The adult male Merlin has a blue-gray back and wings, with dark streaks and bars. Its underparts are pale with fine streaks, and its tail is dark with narrow white bands. The female, on the other hand, has a brownish back and wings, with a heavily streaked underbelly.

Range and Habitat

The Merlin can be found in various parts of the world, including North America, Europe, and Asia. In North America, it breeds in the northern regions and migrates to the southern states or Mexico during the winter.

It prefers open habitats such as grasslands, marshes, and tundra, but can also be found in forested areas.


The Merlin is known for its hunting prowess. It feeds primarily on small birds, capturing them in mid-air with swift and precise maneuvers. It can also hunt insects, rodents, and occasionally, small reptiles.

The Merlin is a solitary bird and is often seen perched on high points, scanning the surroundings for potential prey.

Conservation Status

The conservation status of the Merlin varies depending on the region. In North America, it is listed as a species of least concern by the IUCN (International Union for Conservation of Nature). However, in some parts of Europe, the Merlin population has declined due to habitat loss and persecution.

Efforts are being made to protect its breeding grounds and raise awareness about the importance of conserving this species.



The Meadowlark is a medium-sized bird with a distinctive appearance. It has a plump body, long legs, and a short tail. The upperparts of the bird are brown with streaks of black, while the underparts are pale yellow.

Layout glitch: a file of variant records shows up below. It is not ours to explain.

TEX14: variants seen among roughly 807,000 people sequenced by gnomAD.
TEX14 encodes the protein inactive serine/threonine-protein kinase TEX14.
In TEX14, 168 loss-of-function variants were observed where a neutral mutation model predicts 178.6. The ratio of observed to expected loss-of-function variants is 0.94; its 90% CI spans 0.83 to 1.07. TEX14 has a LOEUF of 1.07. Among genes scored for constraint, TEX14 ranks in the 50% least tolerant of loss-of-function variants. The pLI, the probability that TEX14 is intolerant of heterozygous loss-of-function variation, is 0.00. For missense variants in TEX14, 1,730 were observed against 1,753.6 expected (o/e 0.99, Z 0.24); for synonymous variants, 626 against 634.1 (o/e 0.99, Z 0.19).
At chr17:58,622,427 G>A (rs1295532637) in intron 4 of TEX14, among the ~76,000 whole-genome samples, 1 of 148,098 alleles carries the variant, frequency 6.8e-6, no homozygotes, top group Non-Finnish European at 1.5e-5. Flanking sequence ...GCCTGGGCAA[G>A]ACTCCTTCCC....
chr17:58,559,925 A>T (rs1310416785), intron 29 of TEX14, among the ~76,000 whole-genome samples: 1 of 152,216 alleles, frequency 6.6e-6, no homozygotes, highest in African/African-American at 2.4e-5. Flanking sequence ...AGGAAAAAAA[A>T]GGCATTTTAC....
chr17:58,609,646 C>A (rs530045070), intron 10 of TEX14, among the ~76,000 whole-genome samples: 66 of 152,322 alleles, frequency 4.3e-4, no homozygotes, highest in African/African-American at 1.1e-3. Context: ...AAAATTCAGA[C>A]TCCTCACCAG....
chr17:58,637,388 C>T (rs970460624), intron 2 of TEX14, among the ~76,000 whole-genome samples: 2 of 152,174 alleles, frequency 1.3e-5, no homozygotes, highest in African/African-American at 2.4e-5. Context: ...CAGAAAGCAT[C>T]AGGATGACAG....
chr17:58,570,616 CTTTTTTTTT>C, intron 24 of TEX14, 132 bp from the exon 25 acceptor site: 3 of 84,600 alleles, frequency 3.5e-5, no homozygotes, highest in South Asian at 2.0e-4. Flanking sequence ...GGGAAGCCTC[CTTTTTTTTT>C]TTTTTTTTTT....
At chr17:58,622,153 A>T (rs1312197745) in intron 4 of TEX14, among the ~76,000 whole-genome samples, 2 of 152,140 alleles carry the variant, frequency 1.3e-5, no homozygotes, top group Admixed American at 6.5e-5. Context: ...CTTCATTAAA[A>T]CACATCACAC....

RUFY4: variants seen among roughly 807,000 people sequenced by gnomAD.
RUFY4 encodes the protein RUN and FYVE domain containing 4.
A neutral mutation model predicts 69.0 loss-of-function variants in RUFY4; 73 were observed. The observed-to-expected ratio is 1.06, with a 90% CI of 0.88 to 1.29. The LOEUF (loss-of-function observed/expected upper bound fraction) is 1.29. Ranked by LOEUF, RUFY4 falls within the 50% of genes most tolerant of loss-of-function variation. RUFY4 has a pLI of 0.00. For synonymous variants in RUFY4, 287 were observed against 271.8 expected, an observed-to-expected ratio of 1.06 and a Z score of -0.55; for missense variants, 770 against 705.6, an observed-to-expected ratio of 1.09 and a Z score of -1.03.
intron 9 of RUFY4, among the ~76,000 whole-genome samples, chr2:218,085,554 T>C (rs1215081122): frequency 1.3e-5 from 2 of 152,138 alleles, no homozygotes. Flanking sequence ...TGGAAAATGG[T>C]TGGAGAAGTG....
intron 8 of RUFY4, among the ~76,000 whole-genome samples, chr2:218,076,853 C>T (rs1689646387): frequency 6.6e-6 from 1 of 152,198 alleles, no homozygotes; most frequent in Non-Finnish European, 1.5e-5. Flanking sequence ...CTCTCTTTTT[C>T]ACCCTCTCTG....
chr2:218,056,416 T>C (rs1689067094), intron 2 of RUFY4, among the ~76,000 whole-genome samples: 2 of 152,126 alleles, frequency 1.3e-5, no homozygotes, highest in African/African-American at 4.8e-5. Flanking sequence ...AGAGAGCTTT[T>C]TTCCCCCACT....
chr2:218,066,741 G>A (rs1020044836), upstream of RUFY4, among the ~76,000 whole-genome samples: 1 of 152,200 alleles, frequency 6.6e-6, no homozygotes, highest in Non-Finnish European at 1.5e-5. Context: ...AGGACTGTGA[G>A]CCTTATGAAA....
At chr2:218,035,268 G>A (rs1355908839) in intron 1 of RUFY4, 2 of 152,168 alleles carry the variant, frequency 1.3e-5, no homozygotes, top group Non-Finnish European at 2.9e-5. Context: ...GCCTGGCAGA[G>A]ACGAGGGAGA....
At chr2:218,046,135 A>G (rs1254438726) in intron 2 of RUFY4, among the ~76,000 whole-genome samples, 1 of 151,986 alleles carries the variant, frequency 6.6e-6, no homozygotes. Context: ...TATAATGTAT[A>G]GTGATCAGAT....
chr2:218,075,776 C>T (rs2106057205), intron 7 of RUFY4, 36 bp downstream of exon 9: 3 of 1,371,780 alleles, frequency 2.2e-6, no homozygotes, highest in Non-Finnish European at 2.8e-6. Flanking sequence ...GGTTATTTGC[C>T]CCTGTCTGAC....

The most notable feature of the Meadowlark is its bright yellow chest with a black V-shaped pattern. The male and female Meadowlarks have similar markings, but the male’s markings are usually more vibrant. They also have a pointed bill that they use for foraging for insects and seeds.

Range and Habitat

The Meadowlark is found in various parts of North America, including grasslands, meadows, and open fields. They prefer habitats with tall grasses and scattered shrubs, as they use these for nesting and foraging.

Meadowlarks are migratory birds, and their range extends from southern Canada to northern Mexico. During the breeding season, they can be found in the northern parts of their range, while in the winter, they migrate to the southern parts.

According to All About Birds, the Eastern Meadowlark is more common in the eastern parts of North America, while the Western Meadowlark is found in the western parts.


Meadowlarks are known for their beautiful songs, which are often described as a melodious whistle. They use their songs to defend their territory and attract mates. They are also highly territorial and will defend their nesting sites vigorously.

Meadowlarks are primarily ground-dwelling birds and are often seen foraging for insects and seeds in open areas. They have a unique feeding behavior where they run or walk on the ground and then suddenly stop to probe the soil with their bills, searching for food.

Conservation Status